Physicians face many challenges in juggling all of the moving pieces of a productive and profitable practice. In addition to overseeing the entire health of the business, doctors are now faced with increased scrutiny with regards to chart note documentation, coding and billing practices. Fraud and abuse audits are on the rise and more physicians find themselves facing fines, penalties and even investigations that may impact them criminally and/or civilly.
According to the Office of Inspector General, Convictions under Health Care Fraud and Abuse Control have increased by over 27% (583 vs 743) since 2009.  Defendants facing criminal charges have increased by 49% compared with 2008 (821 vs 1676.)  There have been 923 new healthcare fraud investigations opened, 2,690 pending investigations and 743 convictions in the 2011 FY.
Daniel R. Levinson Inspector General of US Dept. of Health and Human Services stated on October 4, 2012: “Today the office of inspector general deployed over 200 special agents…to execute arrests and search warrants across the country.”  They are requesting an additional $9 million from the Congressional Budget for the 2013 FY. They are expecting to hire an additional 1,974 full-time employees. 
You may be asking why the increased oversight and action being taken by the OIG and the FBI? According to the FBI, health care fraud costs the country over $80 billion dollars a year. As reported in OIG’s Fall 2011 Semiannual Report to Congress, OIG reported savings and expected recoveries of approximately $25 billion for FY 2011. This includes $19.8 billion from legislative and other cost-saving actions that were supported by recommendations in audits and evaluations, $4.6 billion in investigative receivables and $0.6 billion in audit receivables. 
Another noteworthy motivation may be that for every dollar spent on investigations, $7.20 is recovered.  It is a worthwhile venture for them to crack down on fraud and abuse. And why should you care about this other than for obvious reasons? According to the OIG, in FY 2011, the OIG excluded 2,662 individuals and organizations from participation in Federal health care programs. Additionally, penalties and fines are assessed at 3 times what was originally paid in addition to a $5,500 to $11,000 fine per claim.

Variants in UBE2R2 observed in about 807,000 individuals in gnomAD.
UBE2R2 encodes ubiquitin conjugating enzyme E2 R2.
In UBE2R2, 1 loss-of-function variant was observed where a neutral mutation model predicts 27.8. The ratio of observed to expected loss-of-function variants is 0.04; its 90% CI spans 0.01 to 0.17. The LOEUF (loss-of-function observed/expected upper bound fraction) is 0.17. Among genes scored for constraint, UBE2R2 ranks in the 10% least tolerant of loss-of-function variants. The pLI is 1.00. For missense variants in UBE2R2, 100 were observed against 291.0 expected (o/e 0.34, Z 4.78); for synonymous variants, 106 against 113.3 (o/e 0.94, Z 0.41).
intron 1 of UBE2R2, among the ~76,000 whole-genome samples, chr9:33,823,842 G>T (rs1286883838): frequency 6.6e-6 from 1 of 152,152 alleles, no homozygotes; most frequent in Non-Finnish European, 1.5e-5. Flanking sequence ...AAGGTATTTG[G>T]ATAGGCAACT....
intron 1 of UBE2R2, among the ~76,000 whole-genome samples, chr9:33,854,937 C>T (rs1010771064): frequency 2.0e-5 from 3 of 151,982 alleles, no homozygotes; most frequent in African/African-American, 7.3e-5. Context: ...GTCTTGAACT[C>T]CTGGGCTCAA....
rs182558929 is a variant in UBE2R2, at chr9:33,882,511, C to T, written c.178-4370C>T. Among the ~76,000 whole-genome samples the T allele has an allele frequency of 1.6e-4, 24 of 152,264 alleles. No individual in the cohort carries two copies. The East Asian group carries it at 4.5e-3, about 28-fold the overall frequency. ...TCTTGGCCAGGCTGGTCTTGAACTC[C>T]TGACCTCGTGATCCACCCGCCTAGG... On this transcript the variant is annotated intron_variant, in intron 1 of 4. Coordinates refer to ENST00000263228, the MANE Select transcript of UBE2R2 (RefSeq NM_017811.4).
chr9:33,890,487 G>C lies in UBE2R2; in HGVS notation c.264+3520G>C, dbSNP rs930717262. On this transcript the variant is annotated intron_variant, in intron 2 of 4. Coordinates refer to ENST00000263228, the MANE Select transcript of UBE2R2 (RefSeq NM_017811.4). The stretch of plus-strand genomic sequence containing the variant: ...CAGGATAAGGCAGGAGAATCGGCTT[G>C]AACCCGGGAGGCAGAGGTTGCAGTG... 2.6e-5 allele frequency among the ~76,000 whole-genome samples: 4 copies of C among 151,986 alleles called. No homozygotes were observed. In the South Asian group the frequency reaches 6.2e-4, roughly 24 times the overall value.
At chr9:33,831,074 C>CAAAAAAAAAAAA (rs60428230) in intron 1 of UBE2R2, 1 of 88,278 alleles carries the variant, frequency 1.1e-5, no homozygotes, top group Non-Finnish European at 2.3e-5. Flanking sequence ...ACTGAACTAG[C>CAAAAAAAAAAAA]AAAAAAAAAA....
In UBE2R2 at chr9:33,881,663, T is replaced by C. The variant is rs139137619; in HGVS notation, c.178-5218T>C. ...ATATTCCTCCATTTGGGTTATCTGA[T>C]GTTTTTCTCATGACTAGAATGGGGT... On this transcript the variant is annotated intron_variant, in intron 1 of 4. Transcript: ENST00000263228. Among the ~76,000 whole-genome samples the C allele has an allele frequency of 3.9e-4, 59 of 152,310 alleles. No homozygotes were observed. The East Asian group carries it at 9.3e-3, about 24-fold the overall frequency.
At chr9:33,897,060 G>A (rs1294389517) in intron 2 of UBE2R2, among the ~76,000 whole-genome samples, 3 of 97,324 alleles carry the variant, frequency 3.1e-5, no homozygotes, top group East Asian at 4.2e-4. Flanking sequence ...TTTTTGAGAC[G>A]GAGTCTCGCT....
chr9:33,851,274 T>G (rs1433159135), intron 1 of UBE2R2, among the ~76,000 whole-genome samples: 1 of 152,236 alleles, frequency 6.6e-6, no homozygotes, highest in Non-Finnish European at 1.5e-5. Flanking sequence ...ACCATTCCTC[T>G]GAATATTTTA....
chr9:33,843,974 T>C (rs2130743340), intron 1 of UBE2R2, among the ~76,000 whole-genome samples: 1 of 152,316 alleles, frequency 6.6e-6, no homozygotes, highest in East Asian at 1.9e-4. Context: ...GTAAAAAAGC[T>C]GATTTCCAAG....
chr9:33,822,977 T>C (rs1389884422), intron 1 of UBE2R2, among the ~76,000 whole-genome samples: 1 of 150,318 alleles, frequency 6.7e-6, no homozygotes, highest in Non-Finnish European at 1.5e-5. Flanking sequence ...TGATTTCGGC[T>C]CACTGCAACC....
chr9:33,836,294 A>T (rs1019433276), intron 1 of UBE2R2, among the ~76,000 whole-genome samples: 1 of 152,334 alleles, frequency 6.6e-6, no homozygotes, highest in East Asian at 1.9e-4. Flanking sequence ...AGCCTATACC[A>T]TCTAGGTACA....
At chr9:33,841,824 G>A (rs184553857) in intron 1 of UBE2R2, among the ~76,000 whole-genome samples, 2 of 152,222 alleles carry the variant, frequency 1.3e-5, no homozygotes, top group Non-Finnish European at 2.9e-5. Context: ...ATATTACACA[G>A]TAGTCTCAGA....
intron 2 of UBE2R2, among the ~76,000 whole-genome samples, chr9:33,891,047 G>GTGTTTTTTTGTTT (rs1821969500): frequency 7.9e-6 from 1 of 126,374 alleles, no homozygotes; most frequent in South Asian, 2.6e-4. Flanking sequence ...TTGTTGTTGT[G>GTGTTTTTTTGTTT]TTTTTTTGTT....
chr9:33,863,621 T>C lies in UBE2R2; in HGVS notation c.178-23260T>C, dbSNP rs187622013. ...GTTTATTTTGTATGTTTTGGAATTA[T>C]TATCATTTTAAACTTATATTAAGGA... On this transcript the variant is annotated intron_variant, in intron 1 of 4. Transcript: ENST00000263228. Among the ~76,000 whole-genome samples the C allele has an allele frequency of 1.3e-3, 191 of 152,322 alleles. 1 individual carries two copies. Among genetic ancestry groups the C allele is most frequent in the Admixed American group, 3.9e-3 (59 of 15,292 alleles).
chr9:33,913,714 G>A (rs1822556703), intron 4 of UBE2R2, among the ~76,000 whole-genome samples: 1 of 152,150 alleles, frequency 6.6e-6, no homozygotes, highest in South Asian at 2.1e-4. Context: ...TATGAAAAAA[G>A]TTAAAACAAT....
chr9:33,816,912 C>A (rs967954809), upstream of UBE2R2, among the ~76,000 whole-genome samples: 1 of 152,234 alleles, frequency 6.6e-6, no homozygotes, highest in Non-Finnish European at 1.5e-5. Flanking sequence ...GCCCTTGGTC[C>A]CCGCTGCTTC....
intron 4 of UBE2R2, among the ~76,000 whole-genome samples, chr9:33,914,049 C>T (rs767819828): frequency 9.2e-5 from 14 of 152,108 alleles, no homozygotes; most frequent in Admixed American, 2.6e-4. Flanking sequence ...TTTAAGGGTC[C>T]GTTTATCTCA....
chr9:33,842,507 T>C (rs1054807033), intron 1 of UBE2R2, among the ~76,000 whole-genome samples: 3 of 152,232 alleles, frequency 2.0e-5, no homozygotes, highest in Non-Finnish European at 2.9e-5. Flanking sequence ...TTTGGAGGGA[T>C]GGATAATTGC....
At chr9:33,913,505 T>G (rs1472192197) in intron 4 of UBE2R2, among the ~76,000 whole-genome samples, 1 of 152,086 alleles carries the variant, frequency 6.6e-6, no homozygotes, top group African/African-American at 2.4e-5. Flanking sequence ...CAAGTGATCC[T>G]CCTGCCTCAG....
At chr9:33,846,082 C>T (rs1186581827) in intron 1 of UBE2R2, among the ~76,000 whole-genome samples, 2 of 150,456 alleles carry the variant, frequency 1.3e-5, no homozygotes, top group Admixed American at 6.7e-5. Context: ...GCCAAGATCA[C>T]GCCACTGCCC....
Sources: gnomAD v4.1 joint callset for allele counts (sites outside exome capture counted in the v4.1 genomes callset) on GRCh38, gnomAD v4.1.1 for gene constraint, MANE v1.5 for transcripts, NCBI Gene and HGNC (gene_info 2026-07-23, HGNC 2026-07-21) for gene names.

Here is an example: A physician who submits 50 false claims for $50 each is liable for between $282,500 [($2,500 x 3) + (50 x $5,500)] and $557,500 [($2,500 x 3) + (50 x $11,000)] in damages under the False Claims Act.
Here are some of the egregious acts considered fraud: Incorrect Coding – Assigning incorrect codes is considered misrepresentation of services; Medical Necessity – Performing inappropriate or unnecessary procedures; Unbundling – Using two or more CPT billing codes instead of one inclusive code; Double Billing – Charging more than once for the same service; Up Coding – Inflating bills by using diagnosis; billing codes indicating patient needs more expensive treatments; Improper Cost Reports – Submitting false cost reports seeking higher reimbursement than permitted by facts; and Routinely waiving copays and deductibles.
So what does this mean for you and your practice? Education is key to knowing what problem areas are targeted by these departments and then taking action to ensure you are in full compliance. These two measures alone could ultimately help in mitigating these potential audits and worse, investigations.
The first step I suggest every physician take DON’T PANIC! Yes this is the new reality but you can start instituting policies and procedures now to better protect yourself and your practice. Education and implementation is crucial. Executing an effective compliance program is the next big step. Not only has CMS determined such a program is necessary but it will also assist physician practices in adhering to applicable laws and guidelines. “CMS has determined that all Medicare Contractors… shall have in place an effective compliance program. The compliance program may be tailored to the size and scope of the work to be performed…CMS has published its own “Compliance Guidance for Fee-for-Service Contractors” …it is not to be read as the sole pronouncement of desired substantive or procedural elements of an effective compliance program. Most importantly, an effective program is not static, but is constantly evolving towards the ultimate goal of being proactive rather than reactive.” 
Other actions to take in protecting your practice should be the use of an outside auditor to assess your chart notes against codes for diagnosis and billing, the training of applicable staff and ultimately surrounding yourself with professionals who know more than you. Seeking out help from these invaluable resources could prove the difference between a good night sleep and not having to refill your Xanax!
 reference: https://oig.hhs.gov/newsroom/outlook/index.asp
 CMS: Centers for Medicare and Medicaid Services 4/5/2012
Korby Miller is the owner of Remedy Billing Solutions, a medical billing company focused on maximizing client revenue and ensuring practice/billing compliance.
By Korby Miller, MS I/O Psych